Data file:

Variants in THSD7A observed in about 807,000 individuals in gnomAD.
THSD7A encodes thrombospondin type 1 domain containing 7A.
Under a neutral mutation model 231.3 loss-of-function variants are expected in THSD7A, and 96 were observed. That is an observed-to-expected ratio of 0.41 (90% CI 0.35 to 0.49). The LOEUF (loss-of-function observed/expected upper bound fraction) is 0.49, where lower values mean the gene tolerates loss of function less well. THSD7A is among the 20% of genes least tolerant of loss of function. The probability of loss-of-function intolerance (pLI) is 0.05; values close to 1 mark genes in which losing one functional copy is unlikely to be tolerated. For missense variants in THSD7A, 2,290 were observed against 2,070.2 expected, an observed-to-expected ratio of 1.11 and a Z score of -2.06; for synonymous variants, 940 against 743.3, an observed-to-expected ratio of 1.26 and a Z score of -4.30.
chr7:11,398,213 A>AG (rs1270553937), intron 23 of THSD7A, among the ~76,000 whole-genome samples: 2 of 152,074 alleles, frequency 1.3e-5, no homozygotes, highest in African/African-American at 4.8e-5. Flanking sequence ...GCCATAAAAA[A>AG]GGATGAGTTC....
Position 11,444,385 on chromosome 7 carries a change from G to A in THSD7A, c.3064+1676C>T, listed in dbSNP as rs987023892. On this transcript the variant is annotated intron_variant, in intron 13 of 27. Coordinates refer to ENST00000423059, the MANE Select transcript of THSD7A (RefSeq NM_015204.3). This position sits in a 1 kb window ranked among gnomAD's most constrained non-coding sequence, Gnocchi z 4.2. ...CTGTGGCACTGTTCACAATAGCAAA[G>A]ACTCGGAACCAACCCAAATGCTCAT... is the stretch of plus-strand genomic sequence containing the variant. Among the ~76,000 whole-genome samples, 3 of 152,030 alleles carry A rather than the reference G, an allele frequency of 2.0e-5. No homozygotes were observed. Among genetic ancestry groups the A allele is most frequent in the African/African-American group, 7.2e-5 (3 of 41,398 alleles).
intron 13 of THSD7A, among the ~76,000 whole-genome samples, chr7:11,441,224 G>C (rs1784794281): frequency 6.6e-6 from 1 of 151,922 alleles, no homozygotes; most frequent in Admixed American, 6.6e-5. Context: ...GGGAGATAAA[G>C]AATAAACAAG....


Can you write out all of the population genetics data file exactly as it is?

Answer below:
Variants in THSD7A observed in about 807,000 individuals in gnomAD.
THSD7A encodes thrombospondin type 1 domain containing 7A.
Under a neutral mutation model 231.3 loss-of-function variants are expected in THSD7A, and 96 were observed. That is an observed-to-expected ratio of 0.41 (90% CI 0.35 to 0.49). The LOEUF (loss-of-function observed/expected upper bound fraction) is 0.49, where lower values mean the gene tolerates loss of function less well. THSD7A is among the 20% of genes least tolerant of loss of function. The probability of loss-of-function intolerance (pLI) is 0.05; values close to 1 mark genes in which losing one functional copy is unlikely to be tolerated. For missense variants in THSD7A, 2,290 were observed against 2,070.2 expected, an observed-to-expected ratio of 1.11 and a Z score of -2.06; for synonymous variants, 940 against 743.3, an observed-to-expected ratio of 1.26 and a Z score of -4.30.
chr7:11,398,213 A>AG (rs1270553937), intron 23 of THSD7A, among the ~76,000 whole-genome samples: 2 of 152,074 alleles, frequency 1.3e-5, no homozygotes, highest in African/African-American at 4.8e-5. Flanking sequence ...GCCATAAAAA[A>AG]GGATGAGTTC....
Position 11,444,385 on chromosome 7 carries a change from G to A in THSD7A, c.3064+1676C>T, listed in dbSNP as rs987023892. On this transcript the variant is annotated intron_variant, in intron 13 of 27. Coordinates refer to ENST00000423059, the MANE Select transcript of THSD7A (RefSeq NM_015204.3). This position sits in a 1 kb window ranked among gnomAD's most constrained non-coding sequence, Gnocchi z 4.2. ...CTGTGGCACTGTTCACAATAGCAAA[G>A]ACTCGGAACCAACCCAAATGCTCAT... is the stretch of plus-strand genomic sequence containing the variant. Among the ~76,000 whole-genome samples, 3 of 152,030 alleles carry A rather than the reference G, an allele frequency of 2.0e-5. No homozygotes were observed. Among genetic ancestry groups the A allele is most frequent in the African/African-American group, 7.2e-5 (3 of 41,398 alleles).
intron 13 of THSD7A, among the ~76,000 whole-genome samples, chr7:11,441,224 G>C (rs1784794281): frequency 6.6e-6 from 1 of 151,922 alleles, no homozygotes; most frequent in Admixed American, 6.6e-5. Context: ...GGGAGATAAA[G>C]AATAAACAAG....